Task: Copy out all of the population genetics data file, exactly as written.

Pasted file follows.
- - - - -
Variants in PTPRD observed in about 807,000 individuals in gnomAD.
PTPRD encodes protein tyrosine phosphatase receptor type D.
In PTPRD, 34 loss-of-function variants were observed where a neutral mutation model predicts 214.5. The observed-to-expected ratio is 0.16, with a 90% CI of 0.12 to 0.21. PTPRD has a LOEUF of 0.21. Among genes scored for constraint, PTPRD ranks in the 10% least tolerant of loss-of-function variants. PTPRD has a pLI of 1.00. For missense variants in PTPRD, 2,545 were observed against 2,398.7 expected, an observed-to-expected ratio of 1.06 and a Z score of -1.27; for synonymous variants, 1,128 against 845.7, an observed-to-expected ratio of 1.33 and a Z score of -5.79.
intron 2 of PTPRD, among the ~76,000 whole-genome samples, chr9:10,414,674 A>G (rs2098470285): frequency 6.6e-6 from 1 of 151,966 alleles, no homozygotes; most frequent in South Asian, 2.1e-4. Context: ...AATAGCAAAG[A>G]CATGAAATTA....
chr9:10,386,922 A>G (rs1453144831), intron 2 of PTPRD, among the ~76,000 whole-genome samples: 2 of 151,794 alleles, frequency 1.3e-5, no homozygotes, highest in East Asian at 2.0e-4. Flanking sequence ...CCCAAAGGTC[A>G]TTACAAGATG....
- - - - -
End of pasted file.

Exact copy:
Variants in PTPRD observed in about 807,000 individuals in gnomAD.
PTPRD encodes protein tyrosine phosphatase receptor type D.
In PTPRD, 34 loss-of-function variants were observed where a neutral mutation model predicts 214.5. The observed-to-expected ratio is 0.16, with a 90% CI of 0.12 to 0.21. PTPRD has a LOEUF of 0.21. Among genes scored for constraint, PTPRD ranks in the 10% least tolerant of loss-of-function variants. PTPRD has a pLI of 1.00. For missense variants in PTPRD, 2,545 were observed against 2,398.7 expected, an observed-to-expected ratio of 1.06 and a Z score of -1.27; for synonymous variants, 1,128 against 845.7, an observed-to-expected ratio of 1.33 and a Z score of -5.79.
intron 2 of PTPRD, among the ~76,000 whole-genome samples, chr9:10,414,674 A>G (rs2098470285): frequency 6.6e-6 from 1 of 151,966 alleles, no homozygotes; most frequent in South Asian, 2.1e-4. Context: ...AATAGCAAAG[A>G]CATGAAATTA....
chr9:10,386,922 A>G (rs1453144831), intron 2 of PTPRD, among the ~76,000 whole-genome samples: 2 of 151,794 alleles, frequency 1.3e-5, no homozygotes, highest in East Asian at 2.0e-4. Flanking sequence ...CCCAAAGGTC[A>G]TTACAAGATG....